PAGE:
Plotter, Pantser, And Paranormal Historical Fiction

See the source image

Write What You Know.” That’s not always easy when you’re writing a historical fiction piece taking place centuries ago, revolving around an indigenous people. A life I’ve never lived, people I’ve never met, and terrain I’ve never walked.

I have to say writing book one of my trilogy Twilight Ends: Keepers of the Gate, was easy given it takes place in the twenty-first century, in a place I know well, Geneva New York in a Victorian Bed and Breakfast setting near Seneca Lake. Book two will be much harder to conceive after thrusting my characters through time, into the heart of Iroquois Confederacy in the 1700s and 1800s colonial Geneva, New York and requires a different strategy.

I’m generally a pantser, letting my characters guide the story. A plotter, I am not. Outlining a book always seemed a waste of time, especially when my muse wants to stray outside the outline.

Plotter and Pantser Interweaved  

See the source image

Okay… well, what now?

Although I did not structure book one with an outline, book two requires a different strategy, a combination of pantser and plotter. I aim to explore and represent real events accurately (outlined) while injecting fictional characters and dialogues into historical situations (pantser). Having already developed my characters’ history, flaws, idiosyncrasies, strengths, weaknesses, and desires, the unfamiliar terrain of book two will be less challenging with an outline.

Thus, a dual strategy of constructing a precise outline of historical facts and weaving fictional characters through authentic 17th and 18th-century landscapes, Iroquoian lifestyles, and a devastating Revolutionary War is the plan. For several months, research and writing will consume my time. It will be a daunting but thrilling dive into another world.

See the source image

Accuracy, authenticity requires facts, lots of research.  Research? Hmm, a topic for next time.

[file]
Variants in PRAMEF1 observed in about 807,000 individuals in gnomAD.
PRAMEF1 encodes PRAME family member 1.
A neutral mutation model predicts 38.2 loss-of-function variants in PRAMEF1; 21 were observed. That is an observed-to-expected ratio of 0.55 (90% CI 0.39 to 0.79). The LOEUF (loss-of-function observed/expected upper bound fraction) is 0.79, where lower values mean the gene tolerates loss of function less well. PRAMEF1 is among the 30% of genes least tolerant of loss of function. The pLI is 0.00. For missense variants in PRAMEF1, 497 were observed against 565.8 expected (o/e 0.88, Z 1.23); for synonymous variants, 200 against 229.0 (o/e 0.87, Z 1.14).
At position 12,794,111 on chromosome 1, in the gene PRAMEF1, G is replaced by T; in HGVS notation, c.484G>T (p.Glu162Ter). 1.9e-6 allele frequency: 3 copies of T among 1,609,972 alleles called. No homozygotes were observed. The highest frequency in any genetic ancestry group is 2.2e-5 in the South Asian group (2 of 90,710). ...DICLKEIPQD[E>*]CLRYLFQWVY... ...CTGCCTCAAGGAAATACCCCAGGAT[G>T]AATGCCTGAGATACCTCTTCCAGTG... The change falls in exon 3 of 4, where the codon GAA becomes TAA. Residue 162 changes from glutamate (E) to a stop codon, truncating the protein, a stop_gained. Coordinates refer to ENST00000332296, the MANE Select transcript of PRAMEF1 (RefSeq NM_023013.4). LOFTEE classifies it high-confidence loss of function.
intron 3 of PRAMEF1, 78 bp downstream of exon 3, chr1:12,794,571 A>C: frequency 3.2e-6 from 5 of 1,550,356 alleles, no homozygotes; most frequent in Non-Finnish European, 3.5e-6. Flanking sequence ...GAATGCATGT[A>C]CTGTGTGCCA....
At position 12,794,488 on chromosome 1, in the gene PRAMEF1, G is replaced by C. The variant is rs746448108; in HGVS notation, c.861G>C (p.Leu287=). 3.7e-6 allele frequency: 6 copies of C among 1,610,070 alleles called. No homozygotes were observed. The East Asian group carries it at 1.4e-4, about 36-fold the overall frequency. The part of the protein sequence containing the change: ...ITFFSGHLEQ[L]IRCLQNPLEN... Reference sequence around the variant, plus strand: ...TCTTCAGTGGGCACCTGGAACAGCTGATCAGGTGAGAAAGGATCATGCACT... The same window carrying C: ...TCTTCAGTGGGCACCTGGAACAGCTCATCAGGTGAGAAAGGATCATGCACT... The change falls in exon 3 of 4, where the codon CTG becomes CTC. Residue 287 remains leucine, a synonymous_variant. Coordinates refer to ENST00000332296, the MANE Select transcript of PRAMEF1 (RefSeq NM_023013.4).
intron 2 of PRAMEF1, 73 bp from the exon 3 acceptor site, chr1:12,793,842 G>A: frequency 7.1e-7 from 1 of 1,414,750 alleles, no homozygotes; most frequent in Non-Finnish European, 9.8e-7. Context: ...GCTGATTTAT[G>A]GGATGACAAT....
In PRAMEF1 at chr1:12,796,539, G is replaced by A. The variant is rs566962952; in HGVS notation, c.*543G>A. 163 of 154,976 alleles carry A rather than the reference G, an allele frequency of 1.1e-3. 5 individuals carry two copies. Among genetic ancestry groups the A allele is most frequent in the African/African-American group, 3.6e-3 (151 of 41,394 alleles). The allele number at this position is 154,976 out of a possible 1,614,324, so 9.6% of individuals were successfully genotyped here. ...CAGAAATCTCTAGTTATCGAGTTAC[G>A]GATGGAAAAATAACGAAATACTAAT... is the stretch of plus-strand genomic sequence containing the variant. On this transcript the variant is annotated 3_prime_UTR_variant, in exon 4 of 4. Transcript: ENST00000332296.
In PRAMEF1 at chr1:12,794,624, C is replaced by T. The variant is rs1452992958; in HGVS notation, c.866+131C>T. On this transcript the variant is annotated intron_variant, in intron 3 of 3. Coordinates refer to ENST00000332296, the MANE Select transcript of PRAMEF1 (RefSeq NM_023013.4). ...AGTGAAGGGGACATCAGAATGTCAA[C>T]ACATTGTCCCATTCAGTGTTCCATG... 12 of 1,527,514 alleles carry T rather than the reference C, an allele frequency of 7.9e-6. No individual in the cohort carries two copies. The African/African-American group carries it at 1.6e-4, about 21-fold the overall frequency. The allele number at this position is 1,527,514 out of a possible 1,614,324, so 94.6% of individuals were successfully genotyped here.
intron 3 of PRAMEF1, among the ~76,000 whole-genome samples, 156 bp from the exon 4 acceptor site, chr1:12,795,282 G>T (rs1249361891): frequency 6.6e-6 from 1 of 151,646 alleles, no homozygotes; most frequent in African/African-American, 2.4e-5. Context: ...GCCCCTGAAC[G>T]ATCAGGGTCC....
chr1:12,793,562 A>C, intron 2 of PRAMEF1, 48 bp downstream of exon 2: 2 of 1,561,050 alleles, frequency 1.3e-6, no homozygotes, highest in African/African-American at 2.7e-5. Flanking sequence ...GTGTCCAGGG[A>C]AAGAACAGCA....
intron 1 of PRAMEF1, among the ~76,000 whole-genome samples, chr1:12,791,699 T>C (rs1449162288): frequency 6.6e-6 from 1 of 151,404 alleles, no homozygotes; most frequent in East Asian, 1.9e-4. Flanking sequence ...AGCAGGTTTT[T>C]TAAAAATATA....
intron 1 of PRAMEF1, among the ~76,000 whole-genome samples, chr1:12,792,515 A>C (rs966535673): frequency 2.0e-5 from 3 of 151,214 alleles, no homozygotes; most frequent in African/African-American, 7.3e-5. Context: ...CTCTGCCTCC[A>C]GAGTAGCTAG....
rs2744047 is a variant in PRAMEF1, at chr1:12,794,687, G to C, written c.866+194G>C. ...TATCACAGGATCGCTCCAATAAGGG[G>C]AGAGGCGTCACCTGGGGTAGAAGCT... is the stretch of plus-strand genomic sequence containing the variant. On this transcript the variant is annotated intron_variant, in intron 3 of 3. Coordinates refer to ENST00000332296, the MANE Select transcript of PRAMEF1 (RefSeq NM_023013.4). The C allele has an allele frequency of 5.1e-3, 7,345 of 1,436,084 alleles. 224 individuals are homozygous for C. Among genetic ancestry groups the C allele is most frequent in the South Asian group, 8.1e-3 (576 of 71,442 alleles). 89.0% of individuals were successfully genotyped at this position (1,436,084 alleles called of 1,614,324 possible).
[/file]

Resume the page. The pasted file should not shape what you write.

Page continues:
By The Way Today Is National Watermelon Day

If you’re melting from August heat and want to cool off, watermelon is the perfect hydrating fruit. This high-nutrient, low-fat melon is rich in vitamin C, and A, dietary fiber, and antioxidants boast numerous health benefits: Decreased risk of hypertension, heart disease, osteoarthritis, and cancer.

Cool off with my icy Watermelon-Strawberry smoothie recipe below.

Frozen Watermelon Strawberry Smoothie

Ingredients

4 Servings

  • 4 cups Watermelon(frozen, diced, seedless)
  • 4 cups Strawberries (frozen)
  • 2 tbsps Lime juice
  • 6 Large Mint leaves
  • 2 tbsps Agave Nectar (honey optional)

Preparations

Place all ingredients in blender and blend until creamy.

Enjoy!

2 Thoughts

  1. I can’t imagine doing so much research before writing. I’d forget the whole thing before I even started penning my thoughts down. And if I wrote the research, it’d be like taking a quiz. Bah. I’d rather write, then go back and research specific things to fill in the blanks.
    My romantic thriller was outlined all the way save for the ending, which I outlined while drafting. It was an easy process – like following the dots. The new fantasy isn’t behaving, so it’s taking a combination of pantsing and plotting – we’re plotsers!
    My kids love watermellon! We even eat the seeds here. Well, we buy it dry and roasted with salts and seasoning, it’s very tasty!

    Liked by 1 person

    1. Hi Jina. You’ve obviously found your style of writing. I still find it too confining to use outlines but I’m going to give it a try this time. I actually love the research and learning about cultures before I put pen to paper. I guess it’s all the research I performed for my Ph.d. But your way is also good. I can’t wait to see what you’ve done with your new book. I also have the last of you trilogy waiting on my Kindle.
      Watermelon reminds me of my Southern roots when we sat on the porch and just chewed on a big chunk in the sweltering heat. 😊
      Thanks for reading my post, Jina!!

      Like

Leave a Reply

Fill in your details below or click an icon to log in:

WordPress.com Logo

You are commenting using your WordPress.com account. Log Out /  Change )

Google photo

You are commenting using your Google account. Log Out /  Change )

Twitter picture

You are commenting using your Twitter account. Log Out /  Change )

Facebook photo

You are commenting using your Facebook account. Log Out /  Change )

Connecting to %s

This site uses Akismet to reduce spam. Learn how your comment data is processed.